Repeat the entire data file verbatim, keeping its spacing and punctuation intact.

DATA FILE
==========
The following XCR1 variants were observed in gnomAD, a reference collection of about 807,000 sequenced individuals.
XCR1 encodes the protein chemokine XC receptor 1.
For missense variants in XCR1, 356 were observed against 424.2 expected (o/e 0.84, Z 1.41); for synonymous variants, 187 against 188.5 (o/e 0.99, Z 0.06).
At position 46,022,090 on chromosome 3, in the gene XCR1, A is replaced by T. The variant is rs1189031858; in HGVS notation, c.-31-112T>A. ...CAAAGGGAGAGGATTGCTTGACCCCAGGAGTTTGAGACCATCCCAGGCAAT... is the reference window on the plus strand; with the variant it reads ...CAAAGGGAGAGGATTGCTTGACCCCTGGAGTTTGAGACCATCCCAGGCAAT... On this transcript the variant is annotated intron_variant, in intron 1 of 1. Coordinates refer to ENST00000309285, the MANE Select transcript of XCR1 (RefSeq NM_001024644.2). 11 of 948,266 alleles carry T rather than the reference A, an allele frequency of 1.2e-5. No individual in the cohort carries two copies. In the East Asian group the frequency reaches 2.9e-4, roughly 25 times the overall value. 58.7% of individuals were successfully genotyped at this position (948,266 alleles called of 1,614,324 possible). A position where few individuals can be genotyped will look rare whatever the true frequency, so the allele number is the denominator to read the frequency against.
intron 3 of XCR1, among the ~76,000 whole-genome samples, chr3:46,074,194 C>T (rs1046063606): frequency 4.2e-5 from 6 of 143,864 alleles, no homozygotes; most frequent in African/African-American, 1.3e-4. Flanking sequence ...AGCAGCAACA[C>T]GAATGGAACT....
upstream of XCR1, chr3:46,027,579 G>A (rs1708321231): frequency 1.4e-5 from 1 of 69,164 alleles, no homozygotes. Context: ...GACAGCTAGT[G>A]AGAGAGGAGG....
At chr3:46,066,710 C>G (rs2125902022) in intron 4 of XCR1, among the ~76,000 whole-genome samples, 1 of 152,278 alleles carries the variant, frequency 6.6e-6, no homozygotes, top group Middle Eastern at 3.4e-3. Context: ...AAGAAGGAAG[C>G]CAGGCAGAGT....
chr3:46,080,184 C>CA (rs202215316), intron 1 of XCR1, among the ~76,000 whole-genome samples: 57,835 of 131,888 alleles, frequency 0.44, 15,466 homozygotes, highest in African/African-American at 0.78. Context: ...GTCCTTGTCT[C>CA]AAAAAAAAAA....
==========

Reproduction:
The following XCR1 variants were observed in gnomAD, a reference collection of about 807,000 sequenced individuals.
XCR1 encodes the protein chemokine XC receptor 1.
For missense variants in XCR1, 356 were observed against 424.2 expected (o/e 0.84, Z 1.41); for synonymous variants, 187 against 188.5 (o/e 0.99, Z 0.06).
At position 46,022,090 on chromosome 3, in the gene XCR1, A is replaced by T. The variant is rs1189031858; in HGVS notation, c.-31-112T>A. ...CAAAGGGAGAGGATTGCTTGACCCCAGGAGTTTGAGACCATCCCAGGCAAT... is the reference window on the plus strand; with the variant it reads ...CAAAGGGAGAGGATTGCTTGACCCCTGGAGTTTGAGACCATCCCAGGCAAT... On this transcript the variant is annotated intron_variant, in intron 1 of 1. Coordinates refer to ENST00000309285, the MANE Select transcript of XCR1 (RefSeq NM_001024644.2). 11 of 948,266 alleles carry T rather than the reference A, an allele frequency of 1.2e-5. No individual in the cohort carries two copies. In the East Asian group the frequency reaches 2.9e-4, roughly 25 times the overall value. 58.7% of individuals were successfully genotyped at this position (948,266 alleles called of 1,614,324 possible). A position where few individuals can be genotyped will look rare whatever the true frequency, so the allele number is the denominator to read the frequency against.
intron 3 of XCR1, among the ~76,000 whole-genome samples, chr3:46,074,194 C>T (rs1046063606): frequency 4.2e-5 from 6 of 143,864 alleles, no homozygotes; most frequent in African/African-American, 1.3e-4. Flanking sequence ...AGCAGCAACA[C>T]GAATGGAACT....
upstream of XCR1, chr3:46,027,579 G>A (rs1708321231): frequency 1.4e-5 from 1 of 69,164 alleles, no homozygotes. Context: ...GACAGCTAGT[G>A]AGAGAGGAGG....
At chr3:46,066,710 C>G (rs2125902022) in intron 4 of XCR1, among the ~76,000 whole-genome samples, 1 of 152,278 alleles carries the variant, frequency 6.6e-6, no homozygotes, top group Middle Eastern at 3.4e-3. Context: ...AAGAAGGAAG[C>G]CAGGCAGAGT....
chr3:46,080,184 C>CA (rs202215316), intron 1 of XCR1, among the ~76,000 whole-genome samples: 57,835 of 131,888 alleles, frequency 0.44, 15,466 homozygotes, highest in African/African-American at 0.78. Context: ...GTCCTTGTCT[C>CA]AAAAAAAAAA....